|Nigel Farage (left) alongside Douglas Carswell, the man who could become UKIP’s first MP|
Casually disregarding the utter irrelevance of the Liberal Democrat Party Conference in Glasgow this week, the nation’s political commentators are focusing instead on the two impending by-elections, both of which are to be held this Thursday and both in constituencies where UKIP believe they stand a realistic chance of victory.
Despite the optimism of those within the UKIP ranks, these are two very different constituencies. Heywood and Middleton is a solidly Labour seat in Greater Manchester, encompassing parts of the deprived and ethnically diverse town of Rochdale, whilst Clacton is a largely white constituency on the Essex seaside favoured by socially conservative retirees. Although both areas contain significant areas of deprivation, the contrast between a deep-red northern seat and a staunchly right-wing one in the south should, in theory, present numerous difficulties for Nigel Farage.
Instead, these two very different constituencies have helped to create two very different UKIPs. The UKIP fighting in Clacton is the one we are most familiar with, the eurosceptic party standing up for traditional values, tighter immigration controls and populist patriotism. This is a message which fits in nicely with their candidate in Clacton, the area’s much-loved former MP Douglas Carswell who defected from the Conservatives in the summer.
It was this right-wing message which propelled UKIP to success in this year’s European and local elections, hoovering up the support of those former Conservative voters who have become disillusioned with mainstream politics due to three main issues: Europe, immigration and same-sex marriage. This is also the same message which the party will use to fight the upcoming by-election in Rochester and Strood, where the sitting Conservative MP Mark Reckless has followed Douglas Carswell in defecting to UKIP. Reckless’ seat is also situated in the home counties, although is somewhat more affluent than Clacton, and at the 2010 general election he won a majority of almost 10,000. Whether he can hang onto those votes and retain the seat under the UKIP banner remains to be seen, but he has already made it clear that he will be running on the party’s traditional conservative platform.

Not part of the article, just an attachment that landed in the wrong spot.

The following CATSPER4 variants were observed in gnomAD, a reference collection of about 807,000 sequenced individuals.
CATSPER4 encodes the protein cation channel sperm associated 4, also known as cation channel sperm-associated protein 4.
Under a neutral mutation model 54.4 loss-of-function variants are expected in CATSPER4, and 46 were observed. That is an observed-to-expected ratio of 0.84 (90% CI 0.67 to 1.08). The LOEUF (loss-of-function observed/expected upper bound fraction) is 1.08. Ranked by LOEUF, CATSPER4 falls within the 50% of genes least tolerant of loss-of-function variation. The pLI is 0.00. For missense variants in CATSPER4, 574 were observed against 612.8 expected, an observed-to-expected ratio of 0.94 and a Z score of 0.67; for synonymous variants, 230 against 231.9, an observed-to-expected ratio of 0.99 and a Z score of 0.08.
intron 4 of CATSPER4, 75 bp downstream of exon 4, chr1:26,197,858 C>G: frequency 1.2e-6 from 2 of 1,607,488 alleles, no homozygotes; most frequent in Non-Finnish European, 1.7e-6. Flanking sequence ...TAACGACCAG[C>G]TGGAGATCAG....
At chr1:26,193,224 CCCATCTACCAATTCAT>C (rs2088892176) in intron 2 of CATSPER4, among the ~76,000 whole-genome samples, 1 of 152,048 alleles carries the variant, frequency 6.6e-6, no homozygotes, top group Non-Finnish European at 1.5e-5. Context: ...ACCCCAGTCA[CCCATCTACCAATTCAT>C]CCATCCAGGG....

However, the local and European elections also saw UKIP make some headway in Labour’s traditional northern heartlands, and since then Nigel Farage has tailored his party’s message somewhat, ramping up the populism whilst toning down the Thatcherite ideology. His deputy leader, Paul Nuttall, has been forced to retract his support for the privatisation of the NHS, and several of the party’s more stridently right-wing policies have been repealed.
The fruits of this rebranding are not visible on the streets of Clacton or Rochester, where conservative orthodoxy wins votes from disaffected ex-Tories. However, one would be excused for seeing very little similarities between the UKIP fighting these seats and the very different entity attempting to seize Heywood and Middleton from Labour. The party’s candidate here is John Bickley, and he is poles apart from the Conservative defectors that Nigel Farage has been chasing in the south; Bickley grew up in Greater Manchester as the son of a trade unionist, and instead of originating from the Tory right he was a Labour supporter before switching to UKIP due to their policies on the EU.
This ex-Labour voter now has harsh words for his former party, but he is also running a campaign which has been deeply influenced by Labour culture and attitudes. Unlike in Clacton, UKIP’s Heywood and Middleton campaign has focused heavily on the future of the NHS and the bedroom tax, which UKIP want to abolish. Indeed, a recent UKIP campaign poster declared that Labour had let the people of Heywood and Middleton down by ‘planning to allow American corporations to take over the running of large parts of the NHS’ and letting ‘City Fat Cats make millions out of the privatisation of many NHS services.’ Quite a different message to Paul Nuttall’s musings on the benefits of privatisation.
By masquerading as a resurrected version of Old Labour in seats such as these whilst simultaneously employing a very right-wing programme of policies in soldily Conservative southern seats, UKIP have effectively split into two contrasting factions; northern UKIP and southern UKIP. This may be a pragmatic attempt to make electoral gains across the nation, but if he is not careful the former City trader and self-confessed Thatcherite Nigel Farage will soon find that he has created a deep divide within his party which could lead to its eventual destruction.